If you’re considering moving this year, use this checklist provided by Blogger Paula Pant.

I’ve built my career, reputation, and many friendships around being money-savvy. Naturally, I decided moving to Vegas was a good fit for me.

Yes, that’s right. After five years of living in Atlanta, I decided to launch a new life in Sin City.

At the end of June, my partner Will and I packed our worldly possessions into the back of a moving truck and hauled a veritable Noah’s Ark—two cats, two turtles, two frogs, and two humans—into the middle of the Mojave Desert.

Why would I move to a city known for gambling and debauchery? What general lessons about moving would I share with anyone contemplating a similar interstate resettlement?

Why Vegas?

Will and I both work from our laptops, which means we can live anywhere with an Internet connection. We moved to Atlanta five years ago, partly because I have family there, and partly because we liked the idea of living in a large city with warm weather.

But for the past year, we’ve wanted a change in scenery. Where would we go next?

This may sound absurd, but we chose Las Vegas through methodical planning.

First, we decided to stay in the U.S., which narrowed our options considerably. Then we created a list of qualities we wanted in our new city. For us, that included:

  • Low cost of living
  • Low taxes
  • Moderate weather patterns
  • Mountains and/or ocean
  • Amazing restaurants, music, culture

Now that’s not the complete list, but Las Vegas matched every quality we wanted.

Last January we spent one month in Vegas, sampling the experience of living there.

At the end of that month, we made it official. We bought a condo in Vegas, leased out our home in Atlanta, and said goodbye to the southeast. We moved into our new condo in July.

Tips for Choosing Your New Hometown

When you’re ready to choose your next living destination, I recommend a three-step moving checklist:

1: Create your own list, similar to the example I’ve described above. (Yours will obviously contain different priorities.)

In fact, create two lists: “must-haves” and “nice-to-haves.” Don’t hold back, no matter how far-fetched or unrealistic a feature may seem. This step is pure brainstorming. Culling comes later.

If you have a significant other, ask him or her to (separately) create a list, as well. Don’t share your list with one another until after they’re both finalized. Then see what common desires you share—and look for potential conflicts.

#2: Read online reviews. You’d peruse internet reviews before buying a refrigerator or camera, wouldn’t you? Why not do the same with cities?

Run a Google search for “What’s it like to live in _____?” and browse through the results. Pay particular attention to why people liked or disliked certain cities; their priorities may not be the same as yours.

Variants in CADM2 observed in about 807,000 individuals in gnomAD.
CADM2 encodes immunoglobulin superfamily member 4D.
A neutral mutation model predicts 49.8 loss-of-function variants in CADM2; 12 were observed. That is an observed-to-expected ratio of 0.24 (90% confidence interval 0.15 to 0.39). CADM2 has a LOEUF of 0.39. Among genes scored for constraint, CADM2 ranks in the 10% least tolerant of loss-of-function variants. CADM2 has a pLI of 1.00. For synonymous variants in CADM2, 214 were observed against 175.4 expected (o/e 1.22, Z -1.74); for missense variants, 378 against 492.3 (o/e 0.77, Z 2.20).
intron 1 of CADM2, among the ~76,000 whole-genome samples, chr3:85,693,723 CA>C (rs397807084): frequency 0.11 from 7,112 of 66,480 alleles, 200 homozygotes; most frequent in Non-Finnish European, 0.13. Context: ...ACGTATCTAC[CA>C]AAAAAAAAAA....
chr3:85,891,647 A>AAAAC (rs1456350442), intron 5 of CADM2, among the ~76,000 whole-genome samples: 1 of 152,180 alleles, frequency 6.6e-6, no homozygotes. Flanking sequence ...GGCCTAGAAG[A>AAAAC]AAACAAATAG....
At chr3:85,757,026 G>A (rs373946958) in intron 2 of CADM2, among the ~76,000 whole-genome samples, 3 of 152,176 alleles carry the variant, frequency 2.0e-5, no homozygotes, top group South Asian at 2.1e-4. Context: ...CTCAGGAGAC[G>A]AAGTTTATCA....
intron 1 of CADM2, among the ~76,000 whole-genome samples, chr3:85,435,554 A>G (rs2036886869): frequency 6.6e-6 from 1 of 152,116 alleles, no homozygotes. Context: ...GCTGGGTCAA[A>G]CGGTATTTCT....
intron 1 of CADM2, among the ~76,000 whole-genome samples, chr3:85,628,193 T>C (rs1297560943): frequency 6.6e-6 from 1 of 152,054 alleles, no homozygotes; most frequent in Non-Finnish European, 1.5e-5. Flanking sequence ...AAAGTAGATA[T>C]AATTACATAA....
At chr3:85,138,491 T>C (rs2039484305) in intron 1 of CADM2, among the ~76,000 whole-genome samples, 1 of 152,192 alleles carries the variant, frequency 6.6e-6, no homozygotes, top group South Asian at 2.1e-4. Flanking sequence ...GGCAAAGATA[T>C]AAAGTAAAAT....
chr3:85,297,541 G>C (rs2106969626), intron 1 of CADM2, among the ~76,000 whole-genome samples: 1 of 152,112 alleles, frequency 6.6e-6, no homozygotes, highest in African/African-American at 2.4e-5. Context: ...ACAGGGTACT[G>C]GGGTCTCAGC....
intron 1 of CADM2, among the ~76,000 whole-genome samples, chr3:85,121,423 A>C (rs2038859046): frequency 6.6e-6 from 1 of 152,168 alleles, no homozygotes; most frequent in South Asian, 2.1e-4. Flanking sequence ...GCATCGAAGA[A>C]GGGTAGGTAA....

#3: Sample the area. Even if you can’t spend a month in your new city, as we did, don’t commit to your new locale before making an extended visit. Spend at least one week in the area, avoiding the tourist spots.

Try to mimic the experience of being a local:

  • Find grocery stores
  • See which restaurants and shops the residents frequent
  • Check out the hiking or cycling trails
  • Take a yoga class, or get a drop-in punch card at the local gym
  • Drive during all hours of the day (and night) to get a sense of traffic patterns.

By the end of your visit, you’ll probably develop a strong idea of whether or not you could plant roots in that city or town. If the answer is yes, congratulations. It’s time to start packing.

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Paula Pant quit her 9-to-5 job, traveled to 33 countries, launched a business she runs from her laptop, and uses the profits to invest in real estate. She shares details about these adventures and more on her website, Afford Anything.

Any third-party resources or websites referenced above are not under Society of Grownups control. Society of Grownups cannot guarantee and are not responsible for the accuracy of the resources, websites, or any products or services available through such resources or websites.

While Society of Grownups hopes the information is useful, it’s only intended to provide general education. It’s not legal, tax, or investment advice, and may not apply or be useful to your specific financial situation. If you need recommendations geared to your personal financial situation, schedule time with a financial planner.

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